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What are my sons legal rights in defending a suspension from school (high school)?

Niwot, CO |

My son (a senior) had a confrontation with his ex-girlfriend and her girlfriend. It elevated to the point where the girls got physical and hit, slapped, scratched and pummeled him, and he has the scratches, bumps and bruises to show for it. He never struck back (he is 6'3"). The sidekick girlfriend laid into him pretty good but he kept himself in check and did not physically retaliate. In the end they all got suspended for 5 days. The administrator that called me said that she believed my son did the right thing but it was just school policy that everyone "involved" gets suspended. This is a terrible message to send anyone, especially kids: even though you do the right thing you will get punished for it the same as the perpetrators, just because. How do I fight this with the school?

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Best Answer

I am not at all surprised at the school's disciplinary decision. It is, in my judgment, highly typical and predictable. Most middle and high schools have adopted a policy and rule that everyone involved in physical altercations gets disciplined.

There are a couple of reasons for this: first, the school can never determine (to the satisfaction of any of the participants) what was the provocation that caused the incident of physical force. But, in most circumstances, the physical stuff follows something significant that was said or done, and the physical aggression cannot generally be looked at in a vacuum for fault-finding purposes. Second, in almost all circumstances, all of the participants, including those who did not initiate the escalation to physical force, could have avoided it by walking away. The school sees value in encouraging and affirmatively teaching that important lesson. Third, particularly when there are gender, size, age, and physical skill or power disparities, it may be impossible for the school to separate out and define any participants' claims of self-defense and pre-emptive self-defense from acts of aggression. For these reasons, many schools simply bow to the fact that they cannot after the fact reach defensible individual findings of fault or responsibility and so the word goes out to the students: if there is fighting, everyone takes a hit. Your son very likely has full knowledge that this is the school's policy and practice.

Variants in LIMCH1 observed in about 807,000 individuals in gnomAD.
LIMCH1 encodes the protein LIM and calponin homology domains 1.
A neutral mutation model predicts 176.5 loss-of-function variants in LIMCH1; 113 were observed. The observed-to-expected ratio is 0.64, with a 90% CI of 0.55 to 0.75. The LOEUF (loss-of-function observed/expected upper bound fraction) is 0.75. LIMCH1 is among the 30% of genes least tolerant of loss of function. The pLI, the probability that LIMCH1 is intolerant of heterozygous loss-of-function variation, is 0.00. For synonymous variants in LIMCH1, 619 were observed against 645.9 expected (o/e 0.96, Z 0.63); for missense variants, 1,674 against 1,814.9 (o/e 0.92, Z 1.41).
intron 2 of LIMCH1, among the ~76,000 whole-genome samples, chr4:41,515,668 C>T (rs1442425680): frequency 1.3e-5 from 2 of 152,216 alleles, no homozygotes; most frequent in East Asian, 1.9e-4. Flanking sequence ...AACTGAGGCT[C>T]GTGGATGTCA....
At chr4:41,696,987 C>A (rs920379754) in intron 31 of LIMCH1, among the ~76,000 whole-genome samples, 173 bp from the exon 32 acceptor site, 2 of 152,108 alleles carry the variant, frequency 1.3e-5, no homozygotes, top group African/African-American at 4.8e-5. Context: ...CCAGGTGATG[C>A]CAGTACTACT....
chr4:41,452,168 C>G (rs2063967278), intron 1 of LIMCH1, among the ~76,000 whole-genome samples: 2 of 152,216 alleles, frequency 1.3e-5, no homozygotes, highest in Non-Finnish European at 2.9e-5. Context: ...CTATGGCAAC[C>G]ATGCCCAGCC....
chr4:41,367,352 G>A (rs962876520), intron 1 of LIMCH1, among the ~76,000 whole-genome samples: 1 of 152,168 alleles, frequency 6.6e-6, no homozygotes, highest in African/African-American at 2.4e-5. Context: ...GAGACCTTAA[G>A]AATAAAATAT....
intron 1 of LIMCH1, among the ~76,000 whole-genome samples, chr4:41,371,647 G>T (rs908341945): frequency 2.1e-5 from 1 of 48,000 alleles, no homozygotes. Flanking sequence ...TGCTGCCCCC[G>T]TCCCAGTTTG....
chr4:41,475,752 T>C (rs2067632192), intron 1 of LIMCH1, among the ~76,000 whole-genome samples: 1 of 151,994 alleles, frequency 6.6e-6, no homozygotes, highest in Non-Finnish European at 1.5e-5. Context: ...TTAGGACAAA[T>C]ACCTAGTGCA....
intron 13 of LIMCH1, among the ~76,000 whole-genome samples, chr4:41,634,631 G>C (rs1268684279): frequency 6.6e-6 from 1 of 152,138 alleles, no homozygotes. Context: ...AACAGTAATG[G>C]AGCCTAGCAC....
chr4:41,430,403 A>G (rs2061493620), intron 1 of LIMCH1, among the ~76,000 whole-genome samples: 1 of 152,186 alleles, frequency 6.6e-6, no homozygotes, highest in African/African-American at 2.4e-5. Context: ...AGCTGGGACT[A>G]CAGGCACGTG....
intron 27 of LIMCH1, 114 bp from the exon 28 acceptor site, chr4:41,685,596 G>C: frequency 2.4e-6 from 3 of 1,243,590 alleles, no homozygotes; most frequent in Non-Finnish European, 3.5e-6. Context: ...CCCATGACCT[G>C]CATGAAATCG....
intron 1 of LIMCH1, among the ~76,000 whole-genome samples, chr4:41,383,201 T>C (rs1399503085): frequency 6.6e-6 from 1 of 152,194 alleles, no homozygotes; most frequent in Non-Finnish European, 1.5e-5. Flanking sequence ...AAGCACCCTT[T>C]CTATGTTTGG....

Of course, you can fight this administrative action by the school. The school and/or the school district has a procedure for appealing and contesting both the application of the rule and the degree of the penalty assessed. The school will on request provide you with a copy of the procedures to be invoked. Make an immediate request -- time limits for challenges can be very short.

In some instances an attorney can be important in causing the school to understand that the family is very serious about not accepting an unjust finding and administrative action. But, of course, a legal challenge to the school's action can be expensive. Depending on how damaging you assess this matter may be to your son's future plans, you may want to simply try and negotiate with school officials for a confidential sealing of the disciplinary record, to be effective at the close of the current school year if there have been no further conduct problems.

My responses to questions on Avvo are never intended as legal advice and must not be relied upon as legal advice. I give legal advice only in the course of an attorney-client relationship. Exchange of information through Avvo's Questions forum does not establish an attorney-client relationship with me. That relationship is established only by individual consultation and execution of a written agreement for legal services.


It definitely sounds like your son was subjected to criminal acts of third degree assault and/or harassment by the girls at school. The scratches, bumps, and bruises are sufficient for bodily injury under Colorado law. I am surprised that the girls did not get criminally charged. I also do not understand why your son would have been suspended as well. If he did nothing wrong and the administrator acknowledges that, it is irrelevant what their general school policy is concerning these types of situations. You can talk with a local attorney in your area, the local PTA organization, the school district's legal counsel, and the Colorado Department of Education here in Denver.


Attorneys Mccall and Leroi, did a great job of eplaining the rationale behind so called "zero tollerance" policies (which can, when abusively applied, result in inequitable outcomes), as well as some concrete things you can do to challenge this decision. I won't repeat those here.

I write to additionally suggest you research the school district website and review the student policy handbook as well as other district policies and procedures (which are likely published there). Students are only entitled to the barest of procedural due process protections when it comes to school discipline. It will will be helpful to understand exactly how the disctrict frames these issues.

Good luck

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